Julia Scott has negotiated for discounts on clothes, hotel rooms, jewelry, even photocopies and pizza slices.
On Sunday, the consummate bargain hunter staged a Frugal Festival to celebrate the art of penny-pinching. By the looks of the crowd that gathered at Woodley Park in Van Nuys for the event, Scott has company these days.
About 300 people showed up to snap up coupons, exchange ideas on saving money and swap free items.
It may not have been so hip to clip coupons or brag about how little was spent on a cute dress in the go-go 1990s, when unrestrained spending was in vogue.
"Frugality gets a bad name because people associate it with cheap," Scott, 31, said. "It's not. It's really about making savvy financial decisions so you can reach your goals."
Today, driven by either necessity or anxiety over the recession, more people are cutting corners and flocking to coupon websites such as Savings.com and Goldstar.com. They're also scouring for money-saving tips from websites such as Scott's BargainBabe.com. The 6-month-old site has gotten so much traction that Scott is launching an offshoot, BargainBabeLA.com, for hot local deals.
Scott, who quit her job as a reporter for the Los Angeles Daily News to write a syndicated column on bargain hunting, has amassed a following since the recession began more than 18 months ago. One of the fans is 7-year-old Serena Kropp, who started a business in January selling lanyards after her mother was laid off from her job as a quality-assurance software manager.
"She wanted to help support the family," explained said Serena's mother, Teresa Kropp. Mother and daughter came to the Frugal Festival to pick up more ideas for saving money, and Serena looked as if she hit the jackpot when she excitedly showed her mother a way to organize the family's coupons.
Kropp is among a generation growing up in a recession and learning their financial lessons, said Neal Frankle, a certified financial planner from Agoura Hills who was donating 15-minute consultations at the event.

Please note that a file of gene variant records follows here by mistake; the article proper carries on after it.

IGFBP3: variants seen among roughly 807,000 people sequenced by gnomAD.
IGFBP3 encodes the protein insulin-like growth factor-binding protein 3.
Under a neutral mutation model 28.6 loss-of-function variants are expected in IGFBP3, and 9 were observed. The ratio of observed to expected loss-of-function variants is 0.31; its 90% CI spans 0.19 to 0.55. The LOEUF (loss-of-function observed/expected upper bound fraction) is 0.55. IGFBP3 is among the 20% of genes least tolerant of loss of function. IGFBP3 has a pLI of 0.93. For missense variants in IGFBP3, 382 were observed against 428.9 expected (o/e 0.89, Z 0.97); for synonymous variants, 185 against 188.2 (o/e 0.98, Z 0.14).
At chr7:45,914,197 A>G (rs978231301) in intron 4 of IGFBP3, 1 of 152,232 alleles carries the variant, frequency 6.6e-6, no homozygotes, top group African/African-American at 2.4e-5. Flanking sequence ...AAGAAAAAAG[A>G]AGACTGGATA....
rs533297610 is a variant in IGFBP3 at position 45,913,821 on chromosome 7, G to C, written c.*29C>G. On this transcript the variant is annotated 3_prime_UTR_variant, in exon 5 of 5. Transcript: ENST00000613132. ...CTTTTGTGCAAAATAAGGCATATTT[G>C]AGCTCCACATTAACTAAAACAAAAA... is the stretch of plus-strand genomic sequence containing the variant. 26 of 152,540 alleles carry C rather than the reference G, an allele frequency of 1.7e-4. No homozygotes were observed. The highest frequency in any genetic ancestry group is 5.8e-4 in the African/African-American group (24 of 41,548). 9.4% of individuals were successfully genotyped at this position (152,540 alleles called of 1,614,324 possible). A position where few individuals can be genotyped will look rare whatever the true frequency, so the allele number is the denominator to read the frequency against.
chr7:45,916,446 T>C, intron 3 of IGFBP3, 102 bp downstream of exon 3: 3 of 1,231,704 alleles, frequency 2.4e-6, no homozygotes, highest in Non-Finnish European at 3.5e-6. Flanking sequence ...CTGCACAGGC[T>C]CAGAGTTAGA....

"I believe this economy will have a generational impact," Frankle said.
When Frankle took his family to a Dodger game on Saturday, his 18-year-old daughter declined to buy a $9 slice of pizza, saying it was too expensive.
"That's something that would have never happened a year ago," he said. "It's definitely shifted the decisions my daughter makes."
Frankle's daughter could have used some advice from Scott, who recently managed to talk her way into a discount on two slices of pizza.
The vendor was having difficulty selling his pizza at an event in a park for $3 a slice. Scott offered $5 for three. She ended up getting two for $5.
Scott, who said she succeeds in getting discounts 10% to 25% of the time, offers five tips for sweet-talking merchants into a bargain.
* Be friendly and respectful. "Being a jerk doesn't work," Scott said.
* Do your research. Bring a printout of a cheaper offer from a competing merchant and make an offer.
* Go when the store isn't busy. Merchants are more willing and able to negotiate when there aren't a lot of customers around.
* Seek out the store manager. Clerks often don't have the authority to grant discounts, but managers are more likely to.
* If they decline, ask for something else, such as free installation or an extended warranty.
Scott offers a bonus tip: "Just ask. You'll never get a discount if you don't ask."